No, I take that back. I love men. Men are the caffeine in the cappuccino of life. But a man who is completely deprived of female company is not the self-sufficient hero of individualism he might pretend to be. He is greatly to be pitied. If there is no-one around to pity a man who cannot get as much as a kind word or a hug from a woman, he pities himself. He is tempted to write bitter misogynist screeds on the manosphere and, worst case scenario, starts plotting to shoot women at his health club.
In short, if a man asks you out for dinner, or to a film, you are doing him a favour by going. He is paying you a compliment, and you are bestowing the pleasure of your company upon him. For up to two hours (maybe three), he has a woman's undivided attention, or at least her presence as you watch a film, play or lecture together. This is a big deal in Man Land, especially among men who can't ask women out, for a variety of reasons, or who have been refused time and time again.
However, this does not mean that men are itching to have big heart-to-heart, three-hour-long chats once a week with the same woman for the rest of their lives. That's what good female friends itch for. And, despite first and even second date evidence to the contrary, men get very bored by hours and hours of chat. It's like they have a limited number of words they can say and (especially) hear, and if you let them use them all up on the first two dates, there will be none left for a third date.
The solution to this problem is to keep early dates short. SHORT. Coffee date = one hour, and then you must dash. Dinner date = two hours max and then you must dash. Dinner and film date = no drink afterwards although you'd love to, but you really must dash.
Another wise thing to do is to keep a lid on your most private and personal feelings and memories. The idea, as in all entertainment, is to keep them wanting more. If Mr Date finds out enough about you on Date 1 to (wrongly, of course) thinks he has you figured out, he might not be curious enough to ask you out on Date 2.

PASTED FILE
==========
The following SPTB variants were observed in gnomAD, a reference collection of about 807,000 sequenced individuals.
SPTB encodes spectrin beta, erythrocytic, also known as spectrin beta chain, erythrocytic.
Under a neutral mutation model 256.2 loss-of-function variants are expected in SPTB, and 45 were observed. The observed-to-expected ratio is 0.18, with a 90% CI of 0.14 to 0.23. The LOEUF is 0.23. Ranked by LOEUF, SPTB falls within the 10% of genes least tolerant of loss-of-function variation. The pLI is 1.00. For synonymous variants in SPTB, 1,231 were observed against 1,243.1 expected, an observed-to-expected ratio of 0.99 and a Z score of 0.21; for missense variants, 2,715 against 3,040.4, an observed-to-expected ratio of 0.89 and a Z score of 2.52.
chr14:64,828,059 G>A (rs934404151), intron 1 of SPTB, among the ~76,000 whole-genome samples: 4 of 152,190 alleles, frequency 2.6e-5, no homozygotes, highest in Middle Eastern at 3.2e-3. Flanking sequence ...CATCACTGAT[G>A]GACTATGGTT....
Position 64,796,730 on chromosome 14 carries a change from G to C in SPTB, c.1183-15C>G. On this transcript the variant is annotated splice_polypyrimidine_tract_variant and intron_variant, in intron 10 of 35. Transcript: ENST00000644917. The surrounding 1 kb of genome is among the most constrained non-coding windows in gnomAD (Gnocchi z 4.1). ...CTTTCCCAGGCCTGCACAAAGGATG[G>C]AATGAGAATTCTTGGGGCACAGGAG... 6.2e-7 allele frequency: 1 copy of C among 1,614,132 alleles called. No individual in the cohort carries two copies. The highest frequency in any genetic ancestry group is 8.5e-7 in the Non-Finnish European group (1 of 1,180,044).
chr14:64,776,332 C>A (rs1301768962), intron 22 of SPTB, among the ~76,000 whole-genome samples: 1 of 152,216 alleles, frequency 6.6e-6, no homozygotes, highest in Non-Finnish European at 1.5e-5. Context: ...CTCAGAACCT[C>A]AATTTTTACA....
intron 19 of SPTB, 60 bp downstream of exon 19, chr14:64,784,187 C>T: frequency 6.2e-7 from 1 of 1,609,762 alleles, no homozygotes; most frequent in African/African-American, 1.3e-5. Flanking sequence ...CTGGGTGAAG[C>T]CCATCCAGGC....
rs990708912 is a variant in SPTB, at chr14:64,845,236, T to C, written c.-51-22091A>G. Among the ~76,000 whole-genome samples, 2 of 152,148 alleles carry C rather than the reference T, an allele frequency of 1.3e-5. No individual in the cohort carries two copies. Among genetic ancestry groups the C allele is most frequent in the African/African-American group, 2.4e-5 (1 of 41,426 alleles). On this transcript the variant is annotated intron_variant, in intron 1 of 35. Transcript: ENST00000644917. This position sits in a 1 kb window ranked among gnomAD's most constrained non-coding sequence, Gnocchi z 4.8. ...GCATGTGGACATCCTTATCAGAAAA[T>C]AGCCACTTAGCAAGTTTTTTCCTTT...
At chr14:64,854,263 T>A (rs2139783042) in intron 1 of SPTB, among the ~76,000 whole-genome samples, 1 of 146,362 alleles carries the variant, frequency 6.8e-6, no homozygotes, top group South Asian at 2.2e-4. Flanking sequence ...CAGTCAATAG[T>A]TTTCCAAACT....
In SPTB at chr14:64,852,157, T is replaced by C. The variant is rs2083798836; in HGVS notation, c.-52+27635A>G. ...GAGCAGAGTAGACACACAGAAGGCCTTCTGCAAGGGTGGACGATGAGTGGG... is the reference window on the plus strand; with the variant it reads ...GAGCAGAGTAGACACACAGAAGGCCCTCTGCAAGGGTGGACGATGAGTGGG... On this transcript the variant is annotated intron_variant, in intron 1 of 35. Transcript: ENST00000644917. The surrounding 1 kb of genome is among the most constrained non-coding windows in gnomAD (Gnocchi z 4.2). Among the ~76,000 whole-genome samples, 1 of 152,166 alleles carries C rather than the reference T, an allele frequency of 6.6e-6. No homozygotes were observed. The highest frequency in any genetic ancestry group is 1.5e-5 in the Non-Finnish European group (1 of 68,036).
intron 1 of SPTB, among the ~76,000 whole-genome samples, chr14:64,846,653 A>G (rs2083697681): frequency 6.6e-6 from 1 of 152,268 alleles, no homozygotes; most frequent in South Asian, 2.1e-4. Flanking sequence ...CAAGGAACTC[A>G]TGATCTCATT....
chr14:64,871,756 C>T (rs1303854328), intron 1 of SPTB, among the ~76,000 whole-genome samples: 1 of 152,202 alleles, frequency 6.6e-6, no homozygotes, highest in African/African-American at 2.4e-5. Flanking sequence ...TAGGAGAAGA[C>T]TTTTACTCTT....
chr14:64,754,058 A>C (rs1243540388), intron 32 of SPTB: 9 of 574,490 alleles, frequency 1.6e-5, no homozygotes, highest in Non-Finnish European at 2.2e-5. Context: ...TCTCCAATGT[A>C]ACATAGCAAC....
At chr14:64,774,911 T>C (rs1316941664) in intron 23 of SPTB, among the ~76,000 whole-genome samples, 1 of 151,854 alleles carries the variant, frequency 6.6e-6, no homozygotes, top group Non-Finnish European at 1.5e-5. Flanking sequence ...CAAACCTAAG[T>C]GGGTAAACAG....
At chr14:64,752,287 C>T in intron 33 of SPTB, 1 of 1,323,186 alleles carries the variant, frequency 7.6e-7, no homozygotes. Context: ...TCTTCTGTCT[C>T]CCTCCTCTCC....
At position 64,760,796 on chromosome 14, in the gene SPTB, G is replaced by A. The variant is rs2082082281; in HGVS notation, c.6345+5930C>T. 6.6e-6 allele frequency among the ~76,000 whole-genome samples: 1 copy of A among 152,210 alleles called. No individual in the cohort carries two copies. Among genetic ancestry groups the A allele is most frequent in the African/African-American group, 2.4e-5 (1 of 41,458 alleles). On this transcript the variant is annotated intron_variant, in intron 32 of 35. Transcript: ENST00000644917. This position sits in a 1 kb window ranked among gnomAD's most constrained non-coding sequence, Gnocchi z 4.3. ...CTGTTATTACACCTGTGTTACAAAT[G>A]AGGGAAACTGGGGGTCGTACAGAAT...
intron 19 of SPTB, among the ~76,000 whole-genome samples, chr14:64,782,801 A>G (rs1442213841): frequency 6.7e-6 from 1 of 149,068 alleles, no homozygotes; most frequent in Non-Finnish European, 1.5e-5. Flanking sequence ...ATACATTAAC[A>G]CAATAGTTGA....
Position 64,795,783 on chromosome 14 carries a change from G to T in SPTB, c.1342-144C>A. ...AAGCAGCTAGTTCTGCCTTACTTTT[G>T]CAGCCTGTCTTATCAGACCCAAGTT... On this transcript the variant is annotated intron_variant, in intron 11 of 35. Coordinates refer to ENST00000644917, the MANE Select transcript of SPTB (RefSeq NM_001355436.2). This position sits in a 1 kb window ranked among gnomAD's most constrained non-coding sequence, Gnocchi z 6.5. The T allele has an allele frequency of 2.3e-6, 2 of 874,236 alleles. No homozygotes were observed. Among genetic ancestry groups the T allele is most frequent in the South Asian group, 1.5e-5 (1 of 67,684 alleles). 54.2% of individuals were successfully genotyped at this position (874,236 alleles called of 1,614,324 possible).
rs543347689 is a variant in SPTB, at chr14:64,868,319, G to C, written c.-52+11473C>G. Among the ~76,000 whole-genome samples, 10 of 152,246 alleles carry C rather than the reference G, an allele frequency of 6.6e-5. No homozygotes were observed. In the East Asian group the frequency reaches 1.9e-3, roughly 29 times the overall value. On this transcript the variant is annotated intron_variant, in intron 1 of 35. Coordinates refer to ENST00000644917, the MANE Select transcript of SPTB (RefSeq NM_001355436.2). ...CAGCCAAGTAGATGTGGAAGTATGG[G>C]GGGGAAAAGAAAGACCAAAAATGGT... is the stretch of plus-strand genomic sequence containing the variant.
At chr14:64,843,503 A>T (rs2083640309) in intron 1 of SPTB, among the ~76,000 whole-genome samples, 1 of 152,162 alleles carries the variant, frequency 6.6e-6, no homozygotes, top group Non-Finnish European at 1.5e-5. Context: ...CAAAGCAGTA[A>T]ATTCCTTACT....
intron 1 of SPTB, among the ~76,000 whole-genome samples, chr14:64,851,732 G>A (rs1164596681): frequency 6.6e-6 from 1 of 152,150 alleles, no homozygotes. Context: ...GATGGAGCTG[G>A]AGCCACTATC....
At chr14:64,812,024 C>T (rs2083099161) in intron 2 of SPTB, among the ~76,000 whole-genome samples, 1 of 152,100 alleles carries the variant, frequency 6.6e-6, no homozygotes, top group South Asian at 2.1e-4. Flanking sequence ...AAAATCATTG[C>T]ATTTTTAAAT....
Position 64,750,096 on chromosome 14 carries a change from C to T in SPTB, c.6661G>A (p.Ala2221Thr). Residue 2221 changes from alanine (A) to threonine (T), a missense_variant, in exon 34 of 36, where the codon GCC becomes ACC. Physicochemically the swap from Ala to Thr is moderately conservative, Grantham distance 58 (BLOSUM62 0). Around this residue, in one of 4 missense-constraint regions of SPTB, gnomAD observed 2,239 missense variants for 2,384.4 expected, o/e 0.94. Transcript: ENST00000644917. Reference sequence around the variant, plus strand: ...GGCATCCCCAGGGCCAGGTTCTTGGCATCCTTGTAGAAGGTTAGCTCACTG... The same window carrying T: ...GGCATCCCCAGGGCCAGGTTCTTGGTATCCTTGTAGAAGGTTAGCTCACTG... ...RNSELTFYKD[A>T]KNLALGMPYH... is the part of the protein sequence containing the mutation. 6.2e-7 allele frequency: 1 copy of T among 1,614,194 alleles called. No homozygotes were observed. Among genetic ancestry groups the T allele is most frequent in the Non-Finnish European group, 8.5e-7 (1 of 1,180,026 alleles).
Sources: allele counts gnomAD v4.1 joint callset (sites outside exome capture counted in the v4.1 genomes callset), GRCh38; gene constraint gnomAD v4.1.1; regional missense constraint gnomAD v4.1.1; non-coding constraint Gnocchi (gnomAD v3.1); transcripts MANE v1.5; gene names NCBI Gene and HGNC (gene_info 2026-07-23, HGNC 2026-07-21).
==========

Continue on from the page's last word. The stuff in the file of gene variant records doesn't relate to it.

And, for heaven's sake, you must not look or sound pathetically grateful to a man for asking you out because if you do, he will start to wonder if there is something wrong with you. Men look to each other for cues as to how to treat women, so if you give a man the impression that normal behaviour for men is to ignore you, then don't be surprised if he drops you like a hot potato.
This is not an invitation to go to the other extreme and act like a "princess." (Real princesses, by the way, are trained from birth to make other people feel special and happy in their presence.) This is just a reminder that as a woman you are more important to men then they generally want to admit, for fear of looking vulnerable or stupid or whatever, and it is perfectly natural for them to ask you out, if they do. It is a nice compliment to you as a woman, and you are paying them a compliment just by saying yes.
At the same time, you value yourself and your time as so valuable, that you have only so much to bestow upon any man not your kinsman or husband. Your most private thoughts, feelings and stories are for yourself alone, or to share with proven friends, because they are so valuable and you would like others to know you hold them valuable. Capisce?
Take it away, Stevie.